US market maker Virtu Financial will not pursue acquisitions this year due to the ongoing uncertainty linked to the coronavirus pandemic, according to chief executive Doug Cifu.
Cifu told investors on Virtu Financial’s first quarter 2020 earnings call that mergers and acquisitions (M&A) will be impacted moving forward, adding that it is difficult to contemplate a transaction given the current environment.
“In terms of how has the marketplace for M&A changed, I think it’s incredibly difficult right now, given the fact that the world is remote, to contemplate a transaction,” Cifu said.
“With regard to acquisitions, I have always said we want to be very, very strategic about what we do. I’m a big believer that when we make acquisitions, I like to go to the target and do my own due diligence dig into things. Obviously, that’s impossible right now – I don’t know how you get a feel for a company. I think M&A is going to be very, very tempered just purely due to the logistics.”
While Cifu, who is a former M&A lawyer, acknowledged that he sees potential opportunities in areas or asset classes where Virtu Financial does not operate, he stated that the firm will instead focus on the continued integration of the firm’s most recent large acquisition of agency broker ITG.
“We’ve got a lot of systems still from the ITG transaction that we need to decommission and a lot of work to do. That’s really what I’m internally focused on,” Cifu added. “That’s what we are going to continue to focus on for the remainder of 2020 – getting a lot more efficient, a lot more scaled. I don’t see this market and these conditions changing significantly for the near future because there’s just so much uncertainty in the world and so much risk that needs to be priced.”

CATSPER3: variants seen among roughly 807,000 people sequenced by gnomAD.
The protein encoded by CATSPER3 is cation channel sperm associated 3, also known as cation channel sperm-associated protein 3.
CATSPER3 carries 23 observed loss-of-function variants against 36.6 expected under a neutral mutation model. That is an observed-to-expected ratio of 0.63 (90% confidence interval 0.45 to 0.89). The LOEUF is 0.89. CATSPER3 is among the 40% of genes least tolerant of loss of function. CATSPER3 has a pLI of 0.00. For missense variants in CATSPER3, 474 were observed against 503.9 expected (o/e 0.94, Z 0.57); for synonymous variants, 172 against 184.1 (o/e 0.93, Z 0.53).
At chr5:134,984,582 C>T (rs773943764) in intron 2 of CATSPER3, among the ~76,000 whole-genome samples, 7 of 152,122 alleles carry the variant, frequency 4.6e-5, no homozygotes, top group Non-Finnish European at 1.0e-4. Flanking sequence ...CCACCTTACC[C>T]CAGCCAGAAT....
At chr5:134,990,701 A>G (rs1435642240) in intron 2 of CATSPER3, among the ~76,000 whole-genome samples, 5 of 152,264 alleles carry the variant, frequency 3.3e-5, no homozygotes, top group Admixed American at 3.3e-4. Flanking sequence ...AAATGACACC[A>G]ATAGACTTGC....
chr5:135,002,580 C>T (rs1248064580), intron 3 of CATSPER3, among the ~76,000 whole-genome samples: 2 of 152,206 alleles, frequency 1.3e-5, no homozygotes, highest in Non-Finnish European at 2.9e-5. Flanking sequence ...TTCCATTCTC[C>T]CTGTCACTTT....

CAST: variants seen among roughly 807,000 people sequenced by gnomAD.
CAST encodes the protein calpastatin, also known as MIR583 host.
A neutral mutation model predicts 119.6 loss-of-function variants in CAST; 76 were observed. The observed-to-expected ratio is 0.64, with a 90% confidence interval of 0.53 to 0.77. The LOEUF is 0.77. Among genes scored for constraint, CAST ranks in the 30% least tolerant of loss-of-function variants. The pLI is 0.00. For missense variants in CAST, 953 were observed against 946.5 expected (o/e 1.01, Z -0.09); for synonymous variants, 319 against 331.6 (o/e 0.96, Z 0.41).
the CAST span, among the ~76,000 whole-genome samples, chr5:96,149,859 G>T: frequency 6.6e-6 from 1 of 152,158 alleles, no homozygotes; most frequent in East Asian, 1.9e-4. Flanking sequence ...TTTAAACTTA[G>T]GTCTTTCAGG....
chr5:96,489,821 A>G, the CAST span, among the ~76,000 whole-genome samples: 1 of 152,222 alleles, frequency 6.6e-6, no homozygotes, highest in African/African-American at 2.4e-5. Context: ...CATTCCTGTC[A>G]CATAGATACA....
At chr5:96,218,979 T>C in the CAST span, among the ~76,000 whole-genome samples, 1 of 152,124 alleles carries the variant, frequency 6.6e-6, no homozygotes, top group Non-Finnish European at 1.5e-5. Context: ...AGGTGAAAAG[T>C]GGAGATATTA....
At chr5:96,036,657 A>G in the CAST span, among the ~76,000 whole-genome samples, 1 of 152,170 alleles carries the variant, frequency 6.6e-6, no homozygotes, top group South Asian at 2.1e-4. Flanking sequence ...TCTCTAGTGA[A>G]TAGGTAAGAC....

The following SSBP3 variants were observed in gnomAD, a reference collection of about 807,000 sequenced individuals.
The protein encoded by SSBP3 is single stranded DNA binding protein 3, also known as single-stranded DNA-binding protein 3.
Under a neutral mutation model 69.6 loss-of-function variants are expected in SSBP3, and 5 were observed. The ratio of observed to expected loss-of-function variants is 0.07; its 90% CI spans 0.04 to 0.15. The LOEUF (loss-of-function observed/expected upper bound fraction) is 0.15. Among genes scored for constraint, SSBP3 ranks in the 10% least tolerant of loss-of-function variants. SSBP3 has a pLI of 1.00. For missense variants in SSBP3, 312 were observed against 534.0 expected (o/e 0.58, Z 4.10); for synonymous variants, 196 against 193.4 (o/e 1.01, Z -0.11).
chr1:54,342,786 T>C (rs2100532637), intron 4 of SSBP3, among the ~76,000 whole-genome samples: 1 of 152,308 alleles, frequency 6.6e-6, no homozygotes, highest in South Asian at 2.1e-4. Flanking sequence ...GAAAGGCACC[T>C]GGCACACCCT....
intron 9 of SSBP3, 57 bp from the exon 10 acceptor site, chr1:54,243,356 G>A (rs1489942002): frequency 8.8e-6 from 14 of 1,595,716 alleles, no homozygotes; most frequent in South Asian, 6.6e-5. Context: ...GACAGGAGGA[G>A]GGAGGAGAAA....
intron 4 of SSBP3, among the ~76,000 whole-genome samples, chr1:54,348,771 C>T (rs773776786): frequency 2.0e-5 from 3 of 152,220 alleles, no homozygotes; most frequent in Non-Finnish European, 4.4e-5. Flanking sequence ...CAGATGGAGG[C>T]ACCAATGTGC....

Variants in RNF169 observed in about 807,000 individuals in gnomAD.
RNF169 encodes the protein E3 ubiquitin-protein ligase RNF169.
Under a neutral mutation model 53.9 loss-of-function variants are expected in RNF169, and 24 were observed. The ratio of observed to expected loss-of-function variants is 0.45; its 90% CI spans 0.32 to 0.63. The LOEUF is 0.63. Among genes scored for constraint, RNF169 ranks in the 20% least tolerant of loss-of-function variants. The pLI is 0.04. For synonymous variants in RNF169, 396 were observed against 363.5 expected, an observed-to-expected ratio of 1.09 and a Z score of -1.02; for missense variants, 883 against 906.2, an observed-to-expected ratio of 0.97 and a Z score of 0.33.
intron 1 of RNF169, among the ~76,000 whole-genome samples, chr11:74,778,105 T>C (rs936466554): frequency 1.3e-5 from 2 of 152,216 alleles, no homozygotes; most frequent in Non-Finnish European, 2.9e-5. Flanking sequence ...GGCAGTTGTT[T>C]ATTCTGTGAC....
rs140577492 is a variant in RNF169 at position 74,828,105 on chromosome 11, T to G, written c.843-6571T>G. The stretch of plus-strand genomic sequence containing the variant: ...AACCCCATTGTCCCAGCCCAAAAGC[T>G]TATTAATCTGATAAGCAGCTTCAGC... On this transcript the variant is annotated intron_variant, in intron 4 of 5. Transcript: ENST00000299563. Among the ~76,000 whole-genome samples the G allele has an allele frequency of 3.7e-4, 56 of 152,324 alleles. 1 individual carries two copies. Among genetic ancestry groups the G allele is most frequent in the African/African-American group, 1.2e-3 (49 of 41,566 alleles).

Cifu’s comments on M&A follow a significant 177% surge in total revenues during the first quarter this year compared to last year to $1,004.1 million. The increase was driven by the heightened levels of volatility, bid-ask spreads and trading volumes across global markets due to the coronavirus pandemic, Virtu Financial said. Trading net income soared 212% to $802.5 million during the quarter compared to $275.5 million in the first three months of 2019.
In April, Virtu Financial revealed in a study seen by The TRADE that trading costs had surged globally in March at the height of the global pandemic. US trading costs surged 42% in the first quarter compared to the quarter prior, while trading costs in the UK surged 76%, 55.2% in Europe – excluding the UK, and 78% in Asia Pacific – excluding Japan.